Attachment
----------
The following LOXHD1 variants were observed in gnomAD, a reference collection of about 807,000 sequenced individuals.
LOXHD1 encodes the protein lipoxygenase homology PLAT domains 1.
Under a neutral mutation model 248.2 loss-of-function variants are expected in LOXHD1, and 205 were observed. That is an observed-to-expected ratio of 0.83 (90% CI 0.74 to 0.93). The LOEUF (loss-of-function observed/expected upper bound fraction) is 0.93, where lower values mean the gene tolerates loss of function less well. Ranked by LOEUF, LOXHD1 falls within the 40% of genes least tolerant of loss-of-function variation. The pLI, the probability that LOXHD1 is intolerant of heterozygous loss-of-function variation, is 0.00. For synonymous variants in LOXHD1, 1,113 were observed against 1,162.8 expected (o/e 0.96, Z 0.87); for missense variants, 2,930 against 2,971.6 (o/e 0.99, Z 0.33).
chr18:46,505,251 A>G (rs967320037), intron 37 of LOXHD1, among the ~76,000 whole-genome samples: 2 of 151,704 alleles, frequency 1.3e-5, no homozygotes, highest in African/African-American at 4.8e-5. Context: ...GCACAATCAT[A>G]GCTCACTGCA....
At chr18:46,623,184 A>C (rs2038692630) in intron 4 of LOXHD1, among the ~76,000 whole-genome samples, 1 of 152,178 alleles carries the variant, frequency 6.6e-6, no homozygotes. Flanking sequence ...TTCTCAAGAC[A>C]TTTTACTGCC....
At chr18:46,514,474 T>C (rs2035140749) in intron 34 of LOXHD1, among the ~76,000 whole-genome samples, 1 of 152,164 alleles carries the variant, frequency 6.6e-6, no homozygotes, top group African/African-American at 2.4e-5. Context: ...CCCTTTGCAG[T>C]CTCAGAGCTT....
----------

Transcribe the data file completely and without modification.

The following LOXHD1 variants were observed in gnomAD, a reference collection of about 807,000 sequenced individuals.
LOXHD1 encodes the protein lipoxygenase homology PLAT domains 1.
Under a neutral mutation model 248.2 loss-of-function variants are expected in LOXHD1, and 205 were observed. That is an observed-to-expected ratio of 0.83 (90% CI 0.74 to 0.93). The LOEUF (loss-of-function observed/expected upper bound fraction) is 0.93, where lower values mean the gene tolerates loss of function less well. Ranked by LOEUF, LOXHD1 falls within the 40% of genes least tolerant of loss-of-function variation. The pLI, the probability that LOXHD1 is intolerant of heterozygous loss-of-function variation, is 0.00. For synonymous variants in LOXHD1, 1,113 were observed against 1,162.8 expected (o/e 0.96, Z 0.87); for missense variants, 2,930 against 2,971.6 (o/e 0.99, Z 0.33).
chr18:46,505,251 A>G (rs967320037), intron 37 of LOXHD1, among the ~76,000 whole-genome samples: 2 of 151,704 alleles, frequency 1.3e-5, no homozygotes, highest in African/African-American at 4.8e-5. Context: ...GCACAATCAT[A>G]GCTCACTGCA....
At chr18:46,623,184 A>C (rs2038692630) in intron 4 of LOXHD1, among the ~76,000 whole-genome samples, 1 of 152,178 alleles carries the variant, frequency 6.6e-6, no homozygotes. Flanking sequence ...TTCTCAAGAC[A>C]TTTTACTGCC....
At chr18:46,514,474 T>C (rs2035140749) in intron 34 of LOXHD1, among the ~76,000 whole-genome samples, 1 of 152,164 alleles carries the variant, frequency 6.6e-6, no homozygotes, top group African/African-American at 2.4e-5. Context: ...CCCTTTGCAG[T>C]CTCAGAGCTT....